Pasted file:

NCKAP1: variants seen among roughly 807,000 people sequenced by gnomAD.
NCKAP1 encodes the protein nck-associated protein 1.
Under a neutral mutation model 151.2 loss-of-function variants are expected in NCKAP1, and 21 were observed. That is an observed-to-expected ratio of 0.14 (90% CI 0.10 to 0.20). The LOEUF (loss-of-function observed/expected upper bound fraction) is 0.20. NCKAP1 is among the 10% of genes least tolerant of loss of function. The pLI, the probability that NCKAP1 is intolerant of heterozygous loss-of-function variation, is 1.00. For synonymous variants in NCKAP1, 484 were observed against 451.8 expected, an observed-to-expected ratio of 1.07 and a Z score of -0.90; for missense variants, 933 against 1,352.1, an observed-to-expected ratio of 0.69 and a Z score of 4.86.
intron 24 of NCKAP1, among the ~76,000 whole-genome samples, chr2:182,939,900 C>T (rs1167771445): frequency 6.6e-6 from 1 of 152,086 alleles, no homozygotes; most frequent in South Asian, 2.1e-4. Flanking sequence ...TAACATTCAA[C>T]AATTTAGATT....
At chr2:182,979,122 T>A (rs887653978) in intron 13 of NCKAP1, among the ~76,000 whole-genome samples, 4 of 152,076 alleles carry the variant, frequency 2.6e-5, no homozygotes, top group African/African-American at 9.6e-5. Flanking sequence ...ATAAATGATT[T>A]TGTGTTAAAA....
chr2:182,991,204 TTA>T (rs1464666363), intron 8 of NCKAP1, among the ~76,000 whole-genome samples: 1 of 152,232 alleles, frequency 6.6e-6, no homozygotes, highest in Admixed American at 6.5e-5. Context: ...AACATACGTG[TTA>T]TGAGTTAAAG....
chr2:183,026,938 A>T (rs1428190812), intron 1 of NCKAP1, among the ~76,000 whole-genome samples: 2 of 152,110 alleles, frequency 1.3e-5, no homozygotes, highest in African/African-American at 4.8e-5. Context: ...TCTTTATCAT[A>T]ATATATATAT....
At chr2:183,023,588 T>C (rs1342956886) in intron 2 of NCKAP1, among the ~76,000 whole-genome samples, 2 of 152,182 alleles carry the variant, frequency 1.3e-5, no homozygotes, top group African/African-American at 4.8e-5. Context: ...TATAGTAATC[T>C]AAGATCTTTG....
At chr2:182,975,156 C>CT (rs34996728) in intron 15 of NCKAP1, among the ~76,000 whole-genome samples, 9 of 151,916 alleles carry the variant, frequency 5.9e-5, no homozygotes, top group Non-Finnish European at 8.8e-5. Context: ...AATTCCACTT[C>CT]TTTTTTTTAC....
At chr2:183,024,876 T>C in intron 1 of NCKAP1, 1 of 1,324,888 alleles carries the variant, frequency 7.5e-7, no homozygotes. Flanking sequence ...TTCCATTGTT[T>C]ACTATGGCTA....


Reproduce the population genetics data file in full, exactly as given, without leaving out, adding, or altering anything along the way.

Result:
NCKAP1: variants seen among roughly 807,000 people sequenced by gnomAD.
NCKAP1 encodes the protein nck-associated protein 1.
Under a neutral mutation model 151.2 loss-of-function variants are expected in NCKAP1, and 21 were observed. That is an observed-to-expected ratio of 0.14 (90% CI 0.10 to 0.20). The LOEUF (loss-of-function observed/expected upper bound fraction) is 0.20. NCKAP1 is among the 10% of genes least tolerant of loss of function. The pLI, the probability that NCKAP1 is intolerant of heterozygous loss-of-function variation, is 1.00. For synonymous variants in NCKAP1, 484 were observed against 451.8 expected, an observed-to-expected ratio of 1.07 and a Z score of -0.90; for missense variants, 933 against 1,352.1, an observed-to-expected ratio of 0.69 and a Z score of 4.86.
intron 24 of NCKAP1, among the ~76,000 whole-genome samples, chr2:182,939,900 C>T (rs1167771445): frequency 6.6e-6 from 1 of 152,086 alleles, no homozygotes; most frequent in South Asian, 2.1e-4. Flanking sequence ...TAACATTCAA[C>T]AATTTAGATT....
At chr2:182,979,122 T>A (rs887653978) in intron 13 of NCKAP1, among the ~76,000 whole-genome samples, 4 of 152,076 alleles carry the variant, frequency 2.6e-5, no homozygotes, top group African/African-American at 9.6e-5. Flanking sequence ...ATAAATGATT[T>A]TGTGTTAAAA....
chr2:182,991,204 TTA>T (rs1464666363), intron 8 of NCKAP1, among the ~76,000 whole-genome samples: 1 of 152,232 alleles, frequency 6.6e-6, no homozygotes, highest in Admixed American at 6.5e-5. Context: ...AACATACGTG[TTA>T]TGAGTTAAAG....
chr2:183,026,938 A>T (rs1428190812), intron 1 of NCKAP1, among the ~76,000 whole-genome samples: 2 of 152,110 alleles, frequency 1.3e-5, no homozygotes, highest in African/African-American at 4.8e-5. Context: ...TCTTTATCAT[A>T]ATATATATAT....
At chr2:183,023,588 T>C (rs1342956886) in intron 2 of NCKAP1, among the ~76,000 whole-genome samples, 2 of 152,182 alleles carry the variant, frequency 1.3e-5, no homozygotes, top group African/African-American at 4.8e-5. Context: ...TATAGTAATC[T>C]AAGATCTTTG....
At chr2:182,975,156 C>CT (rs34996728) in intron 15 of NCKAP1, among the ~76,000 whole-genome samples, 9 of 151,916 alleles carry the variant, frequency 5.9e-5, no homozygotes, top group Non-Finnish European at 8.8e-5. Context: ...AATTCCACTT[C>CT]TTTTTTTTAC....
At chr2:183,024,876 T>C in intron 1 of NCKAP1, 1 of 1,324,888 alleles carries the variant, frequency 7.5e-7, no homozygotes. Flanking sequence ...TTCCATTGTT[T>C]ACTATGGCTA....